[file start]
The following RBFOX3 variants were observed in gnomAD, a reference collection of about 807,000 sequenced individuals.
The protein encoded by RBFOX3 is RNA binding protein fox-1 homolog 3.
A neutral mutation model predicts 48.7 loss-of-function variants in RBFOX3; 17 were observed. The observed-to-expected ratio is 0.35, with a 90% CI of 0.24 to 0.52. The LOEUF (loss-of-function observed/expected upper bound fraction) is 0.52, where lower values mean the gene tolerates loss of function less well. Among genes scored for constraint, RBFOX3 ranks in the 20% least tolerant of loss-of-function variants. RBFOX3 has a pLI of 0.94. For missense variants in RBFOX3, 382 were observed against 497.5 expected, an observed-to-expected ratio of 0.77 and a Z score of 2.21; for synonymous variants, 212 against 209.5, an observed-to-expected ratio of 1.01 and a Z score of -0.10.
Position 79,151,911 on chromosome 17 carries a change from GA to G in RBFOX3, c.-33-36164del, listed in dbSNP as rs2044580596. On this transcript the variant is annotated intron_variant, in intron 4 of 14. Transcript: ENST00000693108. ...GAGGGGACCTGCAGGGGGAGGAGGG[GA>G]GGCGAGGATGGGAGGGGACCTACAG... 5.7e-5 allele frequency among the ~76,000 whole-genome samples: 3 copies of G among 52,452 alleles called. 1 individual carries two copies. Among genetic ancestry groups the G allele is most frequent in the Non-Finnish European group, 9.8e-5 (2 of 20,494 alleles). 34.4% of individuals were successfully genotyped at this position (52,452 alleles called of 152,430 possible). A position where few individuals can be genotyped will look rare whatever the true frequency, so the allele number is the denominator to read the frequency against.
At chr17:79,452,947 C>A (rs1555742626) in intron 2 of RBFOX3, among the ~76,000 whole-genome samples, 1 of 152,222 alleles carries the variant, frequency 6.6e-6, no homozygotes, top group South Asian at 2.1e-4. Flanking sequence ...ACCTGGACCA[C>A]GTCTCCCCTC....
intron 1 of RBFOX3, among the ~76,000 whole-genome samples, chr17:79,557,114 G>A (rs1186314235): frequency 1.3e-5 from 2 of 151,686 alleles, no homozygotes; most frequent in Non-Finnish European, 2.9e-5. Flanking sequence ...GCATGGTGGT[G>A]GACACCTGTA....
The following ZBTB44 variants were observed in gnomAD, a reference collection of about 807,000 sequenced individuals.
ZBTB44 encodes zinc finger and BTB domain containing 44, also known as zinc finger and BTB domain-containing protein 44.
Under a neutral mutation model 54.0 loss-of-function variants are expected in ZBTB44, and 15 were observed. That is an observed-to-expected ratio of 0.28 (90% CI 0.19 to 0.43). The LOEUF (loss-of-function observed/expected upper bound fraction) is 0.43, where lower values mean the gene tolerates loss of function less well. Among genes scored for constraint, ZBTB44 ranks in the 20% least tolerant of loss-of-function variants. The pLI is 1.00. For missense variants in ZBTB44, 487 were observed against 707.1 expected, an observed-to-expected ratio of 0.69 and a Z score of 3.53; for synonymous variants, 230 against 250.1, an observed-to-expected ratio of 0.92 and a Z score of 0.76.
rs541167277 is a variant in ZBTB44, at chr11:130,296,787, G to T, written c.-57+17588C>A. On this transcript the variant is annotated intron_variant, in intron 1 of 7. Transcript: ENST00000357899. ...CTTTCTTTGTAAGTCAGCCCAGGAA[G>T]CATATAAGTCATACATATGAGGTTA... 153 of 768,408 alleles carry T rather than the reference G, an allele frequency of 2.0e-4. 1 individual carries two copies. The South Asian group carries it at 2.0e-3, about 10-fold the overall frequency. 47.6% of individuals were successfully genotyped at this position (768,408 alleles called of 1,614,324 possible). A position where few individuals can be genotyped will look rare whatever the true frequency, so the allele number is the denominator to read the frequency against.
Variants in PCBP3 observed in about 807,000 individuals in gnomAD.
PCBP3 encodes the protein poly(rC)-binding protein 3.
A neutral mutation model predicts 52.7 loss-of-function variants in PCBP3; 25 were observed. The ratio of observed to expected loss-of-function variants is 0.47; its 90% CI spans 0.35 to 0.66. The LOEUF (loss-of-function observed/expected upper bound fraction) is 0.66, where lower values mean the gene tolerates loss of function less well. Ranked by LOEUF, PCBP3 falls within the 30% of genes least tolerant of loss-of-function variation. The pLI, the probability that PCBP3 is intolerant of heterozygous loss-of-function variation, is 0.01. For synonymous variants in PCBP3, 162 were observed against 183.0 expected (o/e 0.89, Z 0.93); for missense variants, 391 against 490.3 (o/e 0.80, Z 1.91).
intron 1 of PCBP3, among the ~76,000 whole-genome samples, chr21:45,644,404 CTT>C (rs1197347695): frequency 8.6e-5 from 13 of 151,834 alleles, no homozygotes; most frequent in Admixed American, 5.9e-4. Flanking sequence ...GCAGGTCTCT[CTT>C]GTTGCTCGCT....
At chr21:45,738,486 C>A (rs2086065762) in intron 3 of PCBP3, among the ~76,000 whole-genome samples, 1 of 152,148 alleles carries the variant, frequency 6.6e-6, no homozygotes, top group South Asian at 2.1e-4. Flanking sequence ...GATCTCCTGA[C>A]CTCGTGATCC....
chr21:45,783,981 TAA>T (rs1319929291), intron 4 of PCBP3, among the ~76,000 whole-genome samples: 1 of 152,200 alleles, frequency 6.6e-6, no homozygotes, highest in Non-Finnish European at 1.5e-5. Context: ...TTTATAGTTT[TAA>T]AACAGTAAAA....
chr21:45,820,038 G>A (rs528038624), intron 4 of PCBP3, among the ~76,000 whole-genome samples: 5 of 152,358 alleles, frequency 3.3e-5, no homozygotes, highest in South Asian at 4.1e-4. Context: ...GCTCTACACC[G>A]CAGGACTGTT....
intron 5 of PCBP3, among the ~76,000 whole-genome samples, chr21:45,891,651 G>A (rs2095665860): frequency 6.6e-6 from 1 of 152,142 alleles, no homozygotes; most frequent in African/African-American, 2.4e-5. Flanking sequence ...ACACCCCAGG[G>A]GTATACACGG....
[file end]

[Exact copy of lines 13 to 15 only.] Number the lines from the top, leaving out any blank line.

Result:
A neutral mutation model predicts 52.7 loss-of-function variants in PCBP3; 25 were observed. The ratio of observed to expected loss-of-function variants is 0.47; its 90% CI spans 0.35 to 0.66. The LOEUF (loss-of-function observed/expected upper bound fraction) is 0.66, where lower values mean the gene tolerates loss of function less well. Ranked by LOEUF, PCBP3 falls within the 30% of genes least tolerant of loss-of-function variation. The pLI, the probability that PCBP3 is intolerant of heterozygous loss-of-function variation, is 0.01. For synonymous variants in PCBP3, 162 were observed against 183.0 expected (o/e 0.89, Z 0.93); for missense variants, 391 against 490.3 (o/e 0.80, Z 1.91).
intron 1 of PCBP3, among the ~76,000 whole-genome samples, chr21:45,644,404 CTT>C (rs1197347695): frequency 8.6e-5 from 13 of 151,834 alleles, no homozygotes; most frequent in Admixed American, 5.9e-4. Flanking sequence ...GCAGGTCTCT[CTT>C]GTTGCTCGCT....
At chr21:45,738,486 C>A (rs2086065762) in intron 3 of PCBP3, among the ~76,000 whole-genome samples, 1 of 152,148 alleles carries the variant, frequency 6.6e-6, no homozygotes, top group South Asian at 2.1e-4. Flanking sequence ...GATCTCCTGA[C>A]CTCGTGATCC....